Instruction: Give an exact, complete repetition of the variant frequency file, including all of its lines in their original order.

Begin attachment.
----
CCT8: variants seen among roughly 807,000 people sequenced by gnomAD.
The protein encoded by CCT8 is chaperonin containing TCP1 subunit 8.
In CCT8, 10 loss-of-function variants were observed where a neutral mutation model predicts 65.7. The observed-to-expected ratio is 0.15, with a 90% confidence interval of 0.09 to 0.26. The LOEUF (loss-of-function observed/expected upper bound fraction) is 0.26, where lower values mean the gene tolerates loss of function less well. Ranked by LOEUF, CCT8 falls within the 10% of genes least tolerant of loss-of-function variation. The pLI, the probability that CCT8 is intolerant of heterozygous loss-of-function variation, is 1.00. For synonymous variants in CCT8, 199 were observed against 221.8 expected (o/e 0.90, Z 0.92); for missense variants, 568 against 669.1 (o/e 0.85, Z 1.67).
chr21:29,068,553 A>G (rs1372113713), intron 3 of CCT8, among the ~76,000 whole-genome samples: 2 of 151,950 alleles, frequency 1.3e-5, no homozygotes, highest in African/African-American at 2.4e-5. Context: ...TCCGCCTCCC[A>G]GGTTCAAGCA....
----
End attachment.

CCT8: variants seen among roughly 807,000 people sequenced by gnomAD.
The protein encoded by CCT8 is chaperonin containing TCP1 subunit 8.
In CCT8, 10 loss-of-function variants were observed where a neutral mutation model predicts 65.7. The observed-to-expected ratio is 0.15, with a 90% confidence interval of 0.09 to 0.26. The LOEUF (loss-of-function observed/expected upper bound fraction) is 0.26, where lower values mean the gene tolerates loss of function less well. Ranked by LOEUF, CCT8 falls within the 10% of genes least tolerant of loss-of-function variation. The pLI, the probability that CCT8 is intolerant of heterozygous loss-of-function variation, is 1.00. For synonymous variants in CCT8, 199 were observed against 221.8 expected (o/e 0.90, Z 0.92); for missense variants, 568 against 669.1 (o/e 0.85, Z 1.67).
chr21:29,068,553 A>G (rs1372113713), intron 3 of CCT8, among the ~76,000 whole-genome samples: 2 of 151,950 alleles, frequency 1.3e-5, no homozygotes, highest in African/African-American at 2.4e-5. Context: ...TCCGCCTCCC[A>G]GGTTCAAGCA....